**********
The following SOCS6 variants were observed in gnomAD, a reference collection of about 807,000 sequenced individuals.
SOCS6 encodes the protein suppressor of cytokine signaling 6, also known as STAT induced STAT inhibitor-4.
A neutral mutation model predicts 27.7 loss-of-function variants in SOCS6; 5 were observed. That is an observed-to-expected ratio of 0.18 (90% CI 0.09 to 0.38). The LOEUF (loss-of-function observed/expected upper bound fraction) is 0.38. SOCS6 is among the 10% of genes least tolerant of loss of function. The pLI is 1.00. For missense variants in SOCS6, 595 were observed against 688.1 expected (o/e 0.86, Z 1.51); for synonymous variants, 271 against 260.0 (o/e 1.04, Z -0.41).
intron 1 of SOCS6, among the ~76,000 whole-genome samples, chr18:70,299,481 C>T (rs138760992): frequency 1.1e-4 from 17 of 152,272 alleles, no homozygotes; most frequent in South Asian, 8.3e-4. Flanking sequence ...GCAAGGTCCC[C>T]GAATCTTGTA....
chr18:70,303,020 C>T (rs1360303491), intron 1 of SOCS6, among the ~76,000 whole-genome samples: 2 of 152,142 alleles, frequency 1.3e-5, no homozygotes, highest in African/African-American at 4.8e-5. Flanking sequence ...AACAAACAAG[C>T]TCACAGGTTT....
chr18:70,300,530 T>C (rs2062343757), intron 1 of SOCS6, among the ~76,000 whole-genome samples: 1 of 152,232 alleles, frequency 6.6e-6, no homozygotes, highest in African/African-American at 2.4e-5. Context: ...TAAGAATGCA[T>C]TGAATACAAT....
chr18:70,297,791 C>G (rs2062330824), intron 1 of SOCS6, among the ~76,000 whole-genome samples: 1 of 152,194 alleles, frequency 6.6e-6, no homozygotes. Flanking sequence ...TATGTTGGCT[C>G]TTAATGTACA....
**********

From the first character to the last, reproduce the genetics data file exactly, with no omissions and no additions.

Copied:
The following SOCS6 variants were observed in gnomAD, a reference collection of about 807,000 sequenced individuals.
SOCS6 encodes the protein suppressor of cytokine signaling 6, also known as STAT induced STAT inhibitor-4.
A neutral mutation model predicts 27.7 loss-of-function variants in SOCS6; 5 were observed. That is an observed-to-expected ratio of 0.18 (90% CI 0.09 to 0.38). The LOEUF (loss-of-function observed/expected upper bound fraction) is 0.38. SOCS6 is among the 10% of genes least tolerant of loss of function. The pLI is 1.00. For missense variants in SOCS6, 595 were observed against 688.1 expected (o/e 0.86, Z 1.51); for synonymous variants, 271 against 260.0 (o/e 1.04, Z -0.41).
intron 1 of SOCS6, among the ~76,000 whole-genome samples, chr18:70,299,481 C>T (rs138760992): frequency 1.1e-4 from 17 of 152,272 alleles, no homozygotes; most frequent in South Asian, 8.3e-4. Flanking sequence ...GCAAGGTCCC[C>T]GAATCTTGTA....
chr18:70,303,020 C>T (rs1360303491), intron 1 of SOCS6, among the ~76,000 whole-genome samples: 2 of 152,142 alleles, frequency 1.3e-5, no homozygotes, highest in African/African-American at 4.8e-5. Flanking sequence ...AACAAACAAG[C>T]TCACAGGTTT....
chr18:70,300,530 T>C (rs2062343757), intron 1 of SOCS6, among the ~76,000 whole-genome samples: 1 of 152,232 alleles, frequency 6.6e-6, no homozygotes, highest in African/African-American at 2.4e-5. Context: ...TAAGAATGCA[T>C]TGAATACAAT....
chr18:70,297,791 C>G (rs2062330824), intron 1 of SOCS6, among the ~76,000 whole-genome samples: 1 of 152,194 alleles, frequency 6.6e-6, no homozygotes. Flanking sequence ...TATGTTGGCT[C>G]TTAATGTACA....